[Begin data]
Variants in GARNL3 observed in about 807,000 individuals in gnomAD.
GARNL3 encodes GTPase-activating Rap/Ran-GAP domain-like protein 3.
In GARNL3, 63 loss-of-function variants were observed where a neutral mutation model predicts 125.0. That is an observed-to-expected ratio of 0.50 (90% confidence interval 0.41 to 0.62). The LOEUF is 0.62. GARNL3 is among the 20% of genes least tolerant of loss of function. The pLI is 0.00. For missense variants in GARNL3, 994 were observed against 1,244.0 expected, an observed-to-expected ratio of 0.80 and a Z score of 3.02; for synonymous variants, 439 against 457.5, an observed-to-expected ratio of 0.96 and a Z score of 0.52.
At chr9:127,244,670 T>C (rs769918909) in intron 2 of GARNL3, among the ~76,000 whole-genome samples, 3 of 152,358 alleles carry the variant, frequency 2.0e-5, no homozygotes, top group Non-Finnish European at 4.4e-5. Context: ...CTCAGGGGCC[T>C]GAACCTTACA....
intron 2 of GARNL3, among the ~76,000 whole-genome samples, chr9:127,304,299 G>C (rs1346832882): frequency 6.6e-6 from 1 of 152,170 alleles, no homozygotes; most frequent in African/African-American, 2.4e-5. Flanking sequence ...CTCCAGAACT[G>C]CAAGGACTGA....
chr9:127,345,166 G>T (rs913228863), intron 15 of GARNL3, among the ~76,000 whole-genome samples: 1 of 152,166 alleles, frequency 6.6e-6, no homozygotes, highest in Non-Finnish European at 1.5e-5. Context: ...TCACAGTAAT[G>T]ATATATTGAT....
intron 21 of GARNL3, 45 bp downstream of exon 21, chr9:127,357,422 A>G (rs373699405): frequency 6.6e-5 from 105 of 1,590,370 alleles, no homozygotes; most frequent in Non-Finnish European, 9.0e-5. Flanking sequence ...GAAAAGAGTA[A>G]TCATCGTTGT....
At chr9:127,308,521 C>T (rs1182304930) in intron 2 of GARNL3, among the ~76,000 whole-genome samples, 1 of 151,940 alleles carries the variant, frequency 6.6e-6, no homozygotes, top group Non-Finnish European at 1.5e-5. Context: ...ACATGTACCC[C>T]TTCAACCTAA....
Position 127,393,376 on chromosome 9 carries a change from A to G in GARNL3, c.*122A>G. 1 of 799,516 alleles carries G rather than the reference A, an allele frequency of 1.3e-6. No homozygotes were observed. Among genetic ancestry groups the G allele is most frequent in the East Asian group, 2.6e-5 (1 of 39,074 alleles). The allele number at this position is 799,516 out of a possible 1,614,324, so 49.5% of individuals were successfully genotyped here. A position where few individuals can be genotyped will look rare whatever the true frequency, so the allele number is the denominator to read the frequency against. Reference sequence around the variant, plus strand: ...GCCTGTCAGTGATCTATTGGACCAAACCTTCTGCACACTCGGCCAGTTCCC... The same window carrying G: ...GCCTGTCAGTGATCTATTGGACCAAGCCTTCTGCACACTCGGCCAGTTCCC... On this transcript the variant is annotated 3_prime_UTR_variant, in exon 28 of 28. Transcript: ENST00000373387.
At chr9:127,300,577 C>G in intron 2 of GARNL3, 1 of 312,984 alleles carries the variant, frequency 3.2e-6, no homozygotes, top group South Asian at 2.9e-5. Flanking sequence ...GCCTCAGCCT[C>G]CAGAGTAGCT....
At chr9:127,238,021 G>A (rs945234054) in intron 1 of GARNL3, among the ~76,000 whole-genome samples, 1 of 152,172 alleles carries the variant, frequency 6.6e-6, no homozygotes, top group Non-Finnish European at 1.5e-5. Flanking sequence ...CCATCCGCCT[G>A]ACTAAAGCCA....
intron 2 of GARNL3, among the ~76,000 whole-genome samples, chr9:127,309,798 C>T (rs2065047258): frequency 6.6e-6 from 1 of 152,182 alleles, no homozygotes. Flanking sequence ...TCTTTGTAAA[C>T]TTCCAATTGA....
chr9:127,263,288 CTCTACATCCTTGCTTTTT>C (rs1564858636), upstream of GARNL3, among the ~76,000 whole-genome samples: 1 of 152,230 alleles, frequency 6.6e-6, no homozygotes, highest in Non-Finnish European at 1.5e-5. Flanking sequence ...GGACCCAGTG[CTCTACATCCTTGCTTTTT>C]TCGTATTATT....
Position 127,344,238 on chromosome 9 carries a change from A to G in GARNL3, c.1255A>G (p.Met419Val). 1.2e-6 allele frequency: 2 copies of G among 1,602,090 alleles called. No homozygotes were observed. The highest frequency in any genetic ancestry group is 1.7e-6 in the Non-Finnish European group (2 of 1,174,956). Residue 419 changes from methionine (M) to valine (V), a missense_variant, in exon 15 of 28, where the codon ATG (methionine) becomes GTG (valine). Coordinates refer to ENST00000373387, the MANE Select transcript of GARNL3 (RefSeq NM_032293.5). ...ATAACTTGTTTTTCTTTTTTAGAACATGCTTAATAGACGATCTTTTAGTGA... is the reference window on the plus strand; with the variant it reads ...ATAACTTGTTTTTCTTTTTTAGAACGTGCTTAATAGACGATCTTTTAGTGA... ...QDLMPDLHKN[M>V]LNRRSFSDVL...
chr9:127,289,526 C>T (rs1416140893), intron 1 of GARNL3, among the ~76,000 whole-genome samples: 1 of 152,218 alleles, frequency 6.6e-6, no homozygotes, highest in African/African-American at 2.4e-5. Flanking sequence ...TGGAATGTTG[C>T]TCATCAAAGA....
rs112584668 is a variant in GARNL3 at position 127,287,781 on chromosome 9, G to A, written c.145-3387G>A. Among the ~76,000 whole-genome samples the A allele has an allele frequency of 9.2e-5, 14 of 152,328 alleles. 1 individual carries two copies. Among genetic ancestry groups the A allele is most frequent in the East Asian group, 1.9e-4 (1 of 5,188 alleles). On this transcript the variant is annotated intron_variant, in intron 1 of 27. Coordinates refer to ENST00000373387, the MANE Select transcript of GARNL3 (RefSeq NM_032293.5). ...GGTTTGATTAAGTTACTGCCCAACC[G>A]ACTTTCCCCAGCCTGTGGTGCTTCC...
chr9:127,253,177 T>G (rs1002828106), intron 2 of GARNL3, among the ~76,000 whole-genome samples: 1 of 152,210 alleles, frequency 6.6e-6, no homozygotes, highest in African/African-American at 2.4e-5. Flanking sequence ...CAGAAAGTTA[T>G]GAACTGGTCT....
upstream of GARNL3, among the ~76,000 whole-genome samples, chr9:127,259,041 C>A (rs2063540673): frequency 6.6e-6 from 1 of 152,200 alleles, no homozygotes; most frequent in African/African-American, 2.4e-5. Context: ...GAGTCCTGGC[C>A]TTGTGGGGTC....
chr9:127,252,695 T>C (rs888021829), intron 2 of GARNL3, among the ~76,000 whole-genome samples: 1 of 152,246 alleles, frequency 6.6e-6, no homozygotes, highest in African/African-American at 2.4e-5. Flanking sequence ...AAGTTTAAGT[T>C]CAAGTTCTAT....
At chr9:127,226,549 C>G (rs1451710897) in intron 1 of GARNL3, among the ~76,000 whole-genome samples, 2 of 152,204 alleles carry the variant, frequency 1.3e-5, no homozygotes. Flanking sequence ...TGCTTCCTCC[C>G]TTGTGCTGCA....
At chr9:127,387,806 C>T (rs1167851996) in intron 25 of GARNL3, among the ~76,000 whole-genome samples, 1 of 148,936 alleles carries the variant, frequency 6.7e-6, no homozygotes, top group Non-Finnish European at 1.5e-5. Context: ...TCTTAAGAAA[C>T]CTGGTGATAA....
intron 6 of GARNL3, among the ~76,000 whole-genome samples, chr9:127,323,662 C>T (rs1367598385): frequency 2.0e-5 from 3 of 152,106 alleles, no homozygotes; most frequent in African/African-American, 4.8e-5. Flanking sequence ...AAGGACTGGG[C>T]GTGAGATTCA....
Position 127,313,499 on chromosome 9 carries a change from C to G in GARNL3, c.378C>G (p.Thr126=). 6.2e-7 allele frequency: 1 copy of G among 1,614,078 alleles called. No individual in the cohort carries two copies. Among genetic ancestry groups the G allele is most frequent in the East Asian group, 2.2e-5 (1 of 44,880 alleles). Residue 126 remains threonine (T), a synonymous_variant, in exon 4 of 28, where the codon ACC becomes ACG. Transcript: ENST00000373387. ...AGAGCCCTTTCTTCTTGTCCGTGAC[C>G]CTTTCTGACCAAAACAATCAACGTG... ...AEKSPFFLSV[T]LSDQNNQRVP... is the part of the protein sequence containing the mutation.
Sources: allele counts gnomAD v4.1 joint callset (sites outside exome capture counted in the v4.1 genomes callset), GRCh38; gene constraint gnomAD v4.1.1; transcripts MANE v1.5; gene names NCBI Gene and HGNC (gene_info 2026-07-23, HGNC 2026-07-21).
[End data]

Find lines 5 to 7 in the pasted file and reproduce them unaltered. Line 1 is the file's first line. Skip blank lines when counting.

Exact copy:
intron 2 of GARNL3, among the ~76,000 whole-genome samples, chr9:127,304,299 G>C (rs1346832882): frequency 6.6e-6 from 1 of 152,170 alleles, no homozygotes; most frequent in African/African-American, 2.4e-5. Flanking sequence ...CTCCAGAACT[G>C]CAAGGACTGA....
chr9:127,345,166 G>T (rs913228863), intron 15 of GARNL3, among the ~76,000 whole-genome samples: 1 of 152,166 alleles, frequency 6.6e-6, no homozygotes, highest in Non-Finnish European at 1.5e-5. Context: ...TCACAGTAAT[G>T]ATATATTGAT....
intron 21 of GARNL3, 45 bp downstream of exon 21, chr9:127,357,422 A>G (rs373699405): frequency 6.6e-5 from 105 of 1,590,370 alleles, no homozygotes; most frequent in Non-Finnish European, 9.0e-5. Flanking sequence ...GAAAAGAGTA[A>G]TCATCGTTGT....